Taking Khan Academy to Mongolia, in Wireless Routers

EDU Hotspots
December 6, 2011

A former Cisco Engineer, Neil Dsouza is packing all the great educational content available online such as Khan Academy, Open Courseware from MIT, Stanford, CK-12 to name a few into a tiny wireless router and delivering it to the orphanages in disconnected areas. Read more

A former Cisco Engineer, Neil Dsouza is packing all the great educational content available online such as Khan Academy, Open Courseware from MIT, Stanford, CK-12 to name a few into a tiny wireless router and delivering it to the orphanages in disconnected areas of Mongolia, India, Indonesia.

His aim is to make accessible quality education which is freely available online to children in developing countries who are unable to take advantage of free online educational resources due to poor or no internet connectivity.

Having developed expertise on wireless technology while at Cisco and realizing that a lot of orphanages in developing countries have old, donated computers which are sitting idle, Neil developed a plan to put the two together. He came up with Edu Hotspots, a self-contained mini wireless network that comes with educational content built in. Since this devise is meant to be deployed in rural settings where internet access is not possible, Neil has filled the box with relevant educational content that he downloaded himself from the internet. With Edu Hotspots, children in orphanages now have access to educational content over their own little wireless intranet. Though Neil has come up with this ingenious idea , he realizes that for the tool to be used effectively, teachers need to be trained on how to access the material and to modify it as per their needs. “I don’t believe in just handing over the technology, adoption is key and though easy to use, I want to make sure teachers are trained on how to use the device and add to the content as they go along”, Neil Dsouza.

While Neil has introduced the Edu Hotspots only in few select orphanages in Mongolia and Indonesia as of now, his work has caught the attention of big development agencies. He has just completed a pilot with World Bank and Mercy Corps has requested for deployment in 15 of its centers. Neil is also gearing up to take the Edu Hotspots to India, where he is really excited at the potential of using the newly launched $35 Android tablet, which has a powerful video processing card, as a great device for imparting education from his Hotspots. He is currently in the midst of setting up an office there and is in talks with two major players, in the field of education for under privileged children, Teach for India and Akanksha Foundation.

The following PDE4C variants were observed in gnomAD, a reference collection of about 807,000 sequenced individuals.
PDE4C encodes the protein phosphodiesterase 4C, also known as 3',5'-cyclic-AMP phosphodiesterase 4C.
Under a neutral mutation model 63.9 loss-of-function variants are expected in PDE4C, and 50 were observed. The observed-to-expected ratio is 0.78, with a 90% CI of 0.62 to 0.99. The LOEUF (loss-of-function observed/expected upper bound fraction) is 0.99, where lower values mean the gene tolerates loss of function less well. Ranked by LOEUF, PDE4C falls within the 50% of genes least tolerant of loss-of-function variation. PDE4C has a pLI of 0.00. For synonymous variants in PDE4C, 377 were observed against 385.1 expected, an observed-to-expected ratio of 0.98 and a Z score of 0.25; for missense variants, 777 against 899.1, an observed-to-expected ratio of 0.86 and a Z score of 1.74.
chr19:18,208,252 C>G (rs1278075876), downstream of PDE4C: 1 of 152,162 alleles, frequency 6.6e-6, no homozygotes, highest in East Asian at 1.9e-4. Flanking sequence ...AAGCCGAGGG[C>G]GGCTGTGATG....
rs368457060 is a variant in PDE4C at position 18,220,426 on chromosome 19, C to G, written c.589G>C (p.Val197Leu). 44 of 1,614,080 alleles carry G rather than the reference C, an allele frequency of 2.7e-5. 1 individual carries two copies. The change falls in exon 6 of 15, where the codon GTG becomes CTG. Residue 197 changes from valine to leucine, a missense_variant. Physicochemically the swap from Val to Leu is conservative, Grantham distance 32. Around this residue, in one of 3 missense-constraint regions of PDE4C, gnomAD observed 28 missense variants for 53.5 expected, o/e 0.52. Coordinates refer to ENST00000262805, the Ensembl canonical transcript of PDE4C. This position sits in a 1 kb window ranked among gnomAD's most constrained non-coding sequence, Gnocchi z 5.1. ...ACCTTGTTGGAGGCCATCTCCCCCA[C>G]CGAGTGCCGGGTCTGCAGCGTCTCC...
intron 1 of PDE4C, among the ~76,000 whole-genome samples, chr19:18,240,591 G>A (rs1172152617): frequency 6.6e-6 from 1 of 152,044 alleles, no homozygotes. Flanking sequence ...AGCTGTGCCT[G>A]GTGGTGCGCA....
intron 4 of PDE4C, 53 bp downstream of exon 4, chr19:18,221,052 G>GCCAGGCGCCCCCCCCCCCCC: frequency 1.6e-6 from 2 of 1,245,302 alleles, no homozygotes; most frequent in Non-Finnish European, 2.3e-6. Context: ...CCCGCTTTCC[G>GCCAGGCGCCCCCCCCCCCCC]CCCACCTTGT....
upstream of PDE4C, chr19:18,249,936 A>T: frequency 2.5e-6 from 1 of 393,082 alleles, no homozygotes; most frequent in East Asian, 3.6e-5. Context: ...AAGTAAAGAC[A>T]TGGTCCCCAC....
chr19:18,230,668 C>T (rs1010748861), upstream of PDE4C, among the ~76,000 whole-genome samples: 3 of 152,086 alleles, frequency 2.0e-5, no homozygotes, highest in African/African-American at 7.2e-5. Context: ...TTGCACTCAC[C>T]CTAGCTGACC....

The developed world has wildly benefitted from Khan Academy and Open Courseware material from ivy league universities, Neil’s Edu Hotspots is helping unleash these powerful resources to children with no internet connectivity. Combined with teachers facilitation, Edu Hotspots are all set to redefine how online resources can be delivered in remote, disconnected areas.

Neil has set-up a nonprofit, Teach A Class under whose banner he is carrying out his work and is currently supported by a team of volunteers. To learn more visit, Teach A Class Facebook page or their website.

You can reach the author, Deepa Chaudhary via Twitter

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    Deepa Chaudhary
    I have extensively worked at grass-roots from working in the slums of Mumbai to being on the frontline of numerous disaster relief efforts. I'm passionate about social entrepreneurship and I love discovering and writing about new trends in the social good space.

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